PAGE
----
The EU has granted Tunisia a 2 year tax break on the import of olive oil; now it is down to the country to make it a top seller.
Producers of olives and olive oil since Roman times, Tunisia has stuck to a tried and tested method of harvesting this ancient fruit. Due to relatively cheap labor still on offer in the country, the olives benefit from being gathered using a technique of gentle sweeping with small rakes by a mostly female workforce.
Said to help retain the flavor of the olives and cause less damage to the trees, handpicking prevails over the commonly adopted method of machine harvesting in Europe. In order to distinguish themselves on the global market, maintaining the best flavor from their olives and being able to confidently ensure a pure product is paramount. “We can say that our bottled oil is 100% Tunisian and that counts for a lot in specialty shops. This is something Italy cannot always guarantee,” said Lemia Thabet, Executive Director of the Tunisian Technical Packaging Centre.
New lease on life for ancestral industry
Tunisia is the biggest producer of olive oil outside of Europe, yet for such a prolific producer the northernmost country in Africa has up until now remained decidedly in the shadows of its European counterparts. It has settled instead for selling off large quantities of oil to rival countries such as Spain, the biggest producer in Europe, and to Italy, commonly thought of as the home of olive oil. The wholesale olive oil is then mixed with the local kind, by way of improving on what will become the big brands we are all familiar with. In this way the “liquid gold” Tunisia produces is generating far less money than if they had the means to bottle, package and label the product on their own.
On 10th March, 2016, the European Parliament agreed upon an initiative to allow the country to export tax-free olive oil for two years, limited to 35,000 tons per year. The reason for the tax break is in part due to the particularly bountiful spell that Tunisia has been experiencing compared with the rest of the world. Records released by the Tunisian Ministry of Industry, Mines and Energy showed that for the 2014-2015 season, Tunisia exported more than any other country worldwide. In a record-breaking harvest, overseas sales reached 299,300 tons, which equates to a massive 10 percent of the global olive oil consumption. This earned the country, which has a 3,000-year history of olive-farming, a respectable $976 million. “Our record harvest has coincided with a shortfall in international production,” said Abdellatif Ghedira, the head of the government’s National Oil Office. “This year we are the world’s second-largest producer.”
Olive oil economy
Accounting for over 10 percent of Tunisia’s exports and providing a livelihood for hundreds of thousands of people, it is unquestionable that the olive oil trade is of major importance to the country, coming second to tourism. However, after the devastating effects of 2015’s Bardo Museum terrorist attacks and the Sousse beach massacre, what once was the nation’s linchpin, generating 15 percent of the country’s GDP in 2014, is now a sector worryingly in decline.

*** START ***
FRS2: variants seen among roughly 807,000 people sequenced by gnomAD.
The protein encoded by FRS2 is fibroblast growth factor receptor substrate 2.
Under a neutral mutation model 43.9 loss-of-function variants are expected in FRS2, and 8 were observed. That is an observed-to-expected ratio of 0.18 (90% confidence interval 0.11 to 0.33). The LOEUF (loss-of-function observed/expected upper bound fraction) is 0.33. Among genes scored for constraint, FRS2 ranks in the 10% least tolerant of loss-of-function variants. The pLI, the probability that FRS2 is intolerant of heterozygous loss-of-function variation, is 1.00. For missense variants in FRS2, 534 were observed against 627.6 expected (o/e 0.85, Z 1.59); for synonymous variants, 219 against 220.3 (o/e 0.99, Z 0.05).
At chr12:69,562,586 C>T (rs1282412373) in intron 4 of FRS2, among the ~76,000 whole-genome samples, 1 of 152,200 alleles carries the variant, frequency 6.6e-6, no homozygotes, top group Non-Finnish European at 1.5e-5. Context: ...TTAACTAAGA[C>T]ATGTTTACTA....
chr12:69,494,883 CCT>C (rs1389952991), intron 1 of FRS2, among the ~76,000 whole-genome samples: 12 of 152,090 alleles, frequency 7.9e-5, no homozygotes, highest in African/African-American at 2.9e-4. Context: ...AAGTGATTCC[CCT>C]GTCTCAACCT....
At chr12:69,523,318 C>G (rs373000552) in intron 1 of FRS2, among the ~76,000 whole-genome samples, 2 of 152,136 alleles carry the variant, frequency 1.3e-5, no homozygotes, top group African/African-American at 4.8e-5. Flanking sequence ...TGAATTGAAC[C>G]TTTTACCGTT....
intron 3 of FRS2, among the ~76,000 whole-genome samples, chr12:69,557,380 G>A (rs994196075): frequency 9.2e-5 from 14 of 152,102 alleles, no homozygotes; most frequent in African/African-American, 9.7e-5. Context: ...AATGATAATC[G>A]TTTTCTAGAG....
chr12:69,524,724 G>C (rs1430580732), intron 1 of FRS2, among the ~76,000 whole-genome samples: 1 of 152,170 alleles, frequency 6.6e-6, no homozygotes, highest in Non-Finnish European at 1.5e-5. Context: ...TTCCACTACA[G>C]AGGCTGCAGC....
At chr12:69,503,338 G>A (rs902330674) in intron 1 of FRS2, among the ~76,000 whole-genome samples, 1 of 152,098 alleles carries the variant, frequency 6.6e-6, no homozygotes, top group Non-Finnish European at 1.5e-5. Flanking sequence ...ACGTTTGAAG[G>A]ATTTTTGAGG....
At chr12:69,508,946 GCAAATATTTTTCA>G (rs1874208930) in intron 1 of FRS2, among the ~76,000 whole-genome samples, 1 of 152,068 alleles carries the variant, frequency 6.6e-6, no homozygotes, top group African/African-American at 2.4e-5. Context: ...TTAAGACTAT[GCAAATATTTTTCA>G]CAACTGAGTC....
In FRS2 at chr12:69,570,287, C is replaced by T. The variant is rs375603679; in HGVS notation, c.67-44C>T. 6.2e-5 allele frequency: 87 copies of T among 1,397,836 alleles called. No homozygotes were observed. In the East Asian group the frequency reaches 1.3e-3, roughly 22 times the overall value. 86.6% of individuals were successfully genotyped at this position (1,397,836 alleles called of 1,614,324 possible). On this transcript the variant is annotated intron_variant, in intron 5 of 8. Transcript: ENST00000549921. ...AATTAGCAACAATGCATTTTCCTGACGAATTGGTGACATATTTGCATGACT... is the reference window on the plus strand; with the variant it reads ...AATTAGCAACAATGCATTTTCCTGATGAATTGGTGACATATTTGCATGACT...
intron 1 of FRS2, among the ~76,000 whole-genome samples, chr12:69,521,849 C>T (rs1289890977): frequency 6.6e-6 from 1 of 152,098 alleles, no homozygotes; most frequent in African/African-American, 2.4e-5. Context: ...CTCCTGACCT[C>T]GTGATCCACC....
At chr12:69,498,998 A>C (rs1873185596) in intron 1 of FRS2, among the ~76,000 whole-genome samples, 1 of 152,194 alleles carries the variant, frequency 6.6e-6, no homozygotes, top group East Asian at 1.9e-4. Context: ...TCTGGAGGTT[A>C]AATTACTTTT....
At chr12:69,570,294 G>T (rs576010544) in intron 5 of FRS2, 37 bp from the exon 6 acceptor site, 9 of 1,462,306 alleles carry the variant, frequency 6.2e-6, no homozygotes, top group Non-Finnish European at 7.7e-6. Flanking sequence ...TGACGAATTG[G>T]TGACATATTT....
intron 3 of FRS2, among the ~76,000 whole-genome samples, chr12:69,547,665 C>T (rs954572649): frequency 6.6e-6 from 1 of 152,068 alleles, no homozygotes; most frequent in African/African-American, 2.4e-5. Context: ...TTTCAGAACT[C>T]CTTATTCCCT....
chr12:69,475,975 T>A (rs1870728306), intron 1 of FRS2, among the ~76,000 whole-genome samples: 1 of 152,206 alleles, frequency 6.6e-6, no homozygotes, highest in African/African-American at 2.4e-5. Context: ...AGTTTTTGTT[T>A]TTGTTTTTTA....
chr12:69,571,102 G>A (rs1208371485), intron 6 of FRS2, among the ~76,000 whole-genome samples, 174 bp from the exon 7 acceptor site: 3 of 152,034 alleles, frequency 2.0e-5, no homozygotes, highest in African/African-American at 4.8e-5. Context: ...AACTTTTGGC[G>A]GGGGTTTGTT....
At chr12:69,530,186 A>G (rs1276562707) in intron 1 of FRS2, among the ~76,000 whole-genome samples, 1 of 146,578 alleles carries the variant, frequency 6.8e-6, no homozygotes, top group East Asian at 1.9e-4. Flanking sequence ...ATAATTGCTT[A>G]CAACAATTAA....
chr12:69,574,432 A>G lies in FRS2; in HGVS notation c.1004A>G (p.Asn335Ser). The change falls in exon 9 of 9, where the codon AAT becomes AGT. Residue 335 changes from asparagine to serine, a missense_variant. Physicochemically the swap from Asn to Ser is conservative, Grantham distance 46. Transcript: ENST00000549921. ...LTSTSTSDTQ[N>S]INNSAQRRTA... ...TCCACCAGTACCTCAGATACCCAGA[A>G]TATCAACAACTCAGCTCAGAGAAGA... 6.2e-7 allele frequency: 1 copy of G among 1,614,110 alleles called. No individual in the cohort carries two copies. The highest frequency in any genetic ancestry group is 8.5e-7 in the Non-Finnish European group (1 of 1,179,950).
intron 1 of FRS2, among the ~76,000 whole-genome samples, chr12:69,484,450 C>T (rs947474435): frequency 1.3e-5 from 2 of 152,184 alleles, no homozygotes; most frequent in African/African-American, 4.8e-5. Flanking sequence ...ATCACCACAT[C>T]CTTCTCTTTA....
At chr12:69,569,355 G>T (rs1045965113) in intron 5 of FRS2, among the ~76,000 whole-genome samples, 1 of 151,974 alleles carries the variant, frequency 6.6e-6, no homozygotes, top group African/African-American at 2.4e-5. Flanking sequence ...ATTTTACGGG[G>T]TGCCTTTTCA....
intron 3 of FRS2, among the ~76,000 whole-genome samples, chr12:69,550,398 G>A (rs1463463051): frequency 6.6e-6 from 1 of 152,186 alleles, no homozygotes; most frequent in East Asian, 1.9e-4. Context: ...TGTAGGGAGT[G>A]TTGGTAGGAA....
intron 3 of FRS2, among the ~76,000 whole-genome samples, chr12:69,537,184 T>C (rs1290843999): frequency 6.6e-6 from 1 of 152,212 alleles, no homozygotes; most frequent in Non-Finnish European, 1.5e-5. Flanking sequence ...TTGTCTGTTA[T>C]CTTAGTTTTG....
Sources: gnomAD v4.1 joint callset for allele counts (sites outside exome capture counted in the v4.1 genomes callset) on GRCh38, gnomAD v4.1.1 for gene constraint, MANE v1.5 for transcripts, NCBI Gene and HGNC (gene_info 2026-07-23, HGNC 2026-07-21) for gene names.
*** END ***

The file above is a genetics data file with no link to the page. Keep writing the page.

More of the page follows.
Bereft of some one million foreign visitors last year, the economy is in crisis and the security of the nation as well, as the somber climate has given rise to expanding terrorism. Recognizing the terrible blows Tunisia has been dealt over the past year and the promise the country had shown for real democratic change, the EU stepped in. A declaration of political support is the primary reason for implementing the measures, in hopes that it will allow the Tunisian economy enough time to recover. “Exceptional times call for exceptional measures. The proposal is a strong signal of EU solidarity with Tunisia,” said High Representative of the European Union, Federica Mogherini, adding, “Tunisia can count on the EU’s support in such a difficult time.”
Promoting the future
The tax break may come as a temporary relief but other obstacles still lie in the paths of the country’s producers. To truly make a success of this opportunity they first need to contend with a market that is very much geared towards promoting Spanish and Italian olive oil as superior. Also for the most profit to be made the entire production process would have to take place on home turf. “We buy almost all our bottles and stoppers from Italy and that pushes up the price, we should be making our own,” said expert Mounir Ouhrani of Slama Huiles.
While there may be some hurdles along the way, Tunisia can rest assured on the product they have to offer. A country that is covered with 1.7 million hectares of olive trees, almost 20 percent of the olive tree orchards worldwide, they are no small fry. The uniqueness of the olive oil they produce is remarked upon internationally; a particularly rich flavor that due to its high fat content is able to withstand high temperatures while still maintaining its notable nuttiness. Pair this with the traditional way in which the olives are harvested and you have two solid reasons why the North African country could make a successful breakthrough onto the global olive oil market. Given the chance and an audience who are willing to look beyond the norm, olive oil could soon be Tunisia’s number one industry.